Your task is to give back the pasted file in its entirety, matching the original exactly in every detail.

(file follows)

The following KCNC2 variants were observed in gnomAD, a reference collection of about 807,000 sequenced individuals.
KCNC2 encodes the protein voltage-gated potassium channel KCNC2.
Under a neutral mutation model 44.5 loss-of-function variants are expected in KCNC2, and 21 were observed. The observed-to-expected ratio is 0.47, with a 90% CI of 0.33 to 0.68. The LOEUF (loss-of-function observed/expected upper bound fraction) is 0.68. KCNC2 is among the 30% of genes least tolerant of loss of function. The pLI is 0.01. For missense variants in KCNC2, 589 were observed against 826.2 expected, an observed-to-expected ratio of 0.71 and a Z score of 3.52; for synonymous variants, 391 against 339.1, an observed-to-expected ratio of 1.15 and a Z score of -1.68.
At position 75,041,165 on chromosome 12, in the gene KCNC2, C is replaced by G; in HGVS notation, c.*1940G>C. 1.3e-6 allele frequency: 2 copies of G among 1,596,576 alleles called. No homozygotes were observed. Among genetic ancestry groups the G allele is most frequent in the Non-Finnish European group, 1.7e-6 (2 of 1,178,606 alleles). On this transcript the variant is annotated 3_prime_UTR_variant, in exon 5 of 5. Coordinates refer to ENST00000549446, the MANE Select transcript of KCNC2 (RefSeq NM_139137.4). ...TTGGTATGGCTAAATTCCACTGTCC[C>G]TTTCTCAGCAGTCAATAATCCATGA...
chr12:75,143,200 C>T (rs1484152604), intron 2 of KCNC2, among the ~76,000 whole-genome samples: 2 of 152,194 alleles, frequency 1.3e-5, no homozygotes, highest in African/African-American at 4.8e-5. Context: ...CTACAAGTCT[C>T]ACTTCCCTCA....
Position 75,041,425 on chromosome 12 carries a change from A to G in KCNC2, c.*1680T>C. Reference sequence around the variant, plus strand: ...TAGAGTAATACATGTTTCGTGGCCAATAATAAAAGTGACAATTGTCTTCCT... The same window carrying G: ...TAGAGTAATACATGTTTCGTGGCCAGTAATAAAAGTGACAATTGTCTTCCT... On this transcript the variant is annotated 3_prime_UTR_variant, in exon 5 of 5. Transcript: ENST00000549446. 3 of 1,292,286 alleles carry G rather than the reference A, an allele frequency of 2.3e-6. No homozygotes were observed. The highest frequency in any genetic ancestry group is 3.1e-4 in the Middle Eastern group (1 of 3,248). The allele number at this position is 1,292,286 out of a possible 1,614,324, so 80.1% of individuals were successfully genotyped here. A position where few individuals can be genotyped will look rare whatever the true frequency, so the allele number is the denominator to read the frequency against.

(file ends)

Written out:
The following KCNC2 variants were observed in gnomAD, a reference collection of about 807,000 sequenced individuals.
KCNC2 encodes the protein voltage-gated potassium channel KCNC2.
Under a neutral mutation model 44.5 loss-of-function variants are expected in KCNC2, and 21 were observed. The observed-to-expected ratio is 0.47, with a 90% CI of 0.33 to 0.68. The LOEUF (loss-of-function observed/expected upper bound fraction) is 0.68. KCNC2 is among the 30% of genes least tolerant of loss of function. The pLI is 0.01. For missense variants in KCNC2, 589 were observed against 826.2 expected, an observed-to-expected ratio of 0.71 and a Z score of 3.52; for synonymous variants, 391 against 339.1, an observed-to-expected ratio of 1.15 and a Z score of -1.68.
At position 75,041,165 on chromosome 12, in the gene KCNC2, C is replaced by G; in HGVS notation, c.*1940G>C. 1.3e-6 allele frequency: 2 copies of G among 1,596,576 alleles called. No homozygotes were observed. Among genetic ancestry groups the G allele is most frequent in the Non-Finnish European group, 1.7e-6 (2 of 1,178,606 alleles). On this transcript the variant is annotated 3_prime_UTR_variant, in exon 5 of 5. Coordinates refer to ENST00000549446, the MANE Select transcript of KCNC2 (RefSeq NM_139137.4). ...TTGGTATGGCTAAATTCCACTGTCC[C>G]TTTCTCAGCAGTCAATAATCCATGA...
chr12:75,143,200 C>T (rs1484152604), intron 2 of KCNC2, among the ~76,000 whole-genome samples: 2 of 152,194 alleles, frequency 1.3e-5, no homozygotes, highest in African/African-American at 4.8e-5. Context: ...CTACAAGTCT[C>T]ACTTCCCTCA....
Position 75,041,425 on chromosome 12 carries a change from A to G in KCNC2, c.*1680T>C. Reference sequence around the variant, plus strand: ...TAGAGTAATACATGTTTCGTGGCCAATAATAAAAGTGACAATTGTCTTCCT... The same window carrying G: ...TAGAGTAATACATGTTTCGTGGCCAGTAATAAAAGTGACAATTGTCTTCCT... On this transcript the variant is annotated 3_prime_UTR_variant, in exon 5 of 5. Transcript: ENST00000549446. 3 of 1,292,286 alleles carry G rather than the reference A, an allele frequency of 2.3e-6. No homozygotes were observed. The highest frequency in any genetic ancestry group is 3.1e-4 in the Middle Eastern group (1 of 3,248). The allele number at this position is 1,292,286 out of a possible 1,614,324, so 80.1% of individuals were successfully genotyped here. A position where few individuals can be genotyped will look rare whatever the true frequency, so the allele number is the denominator to read the frequency against.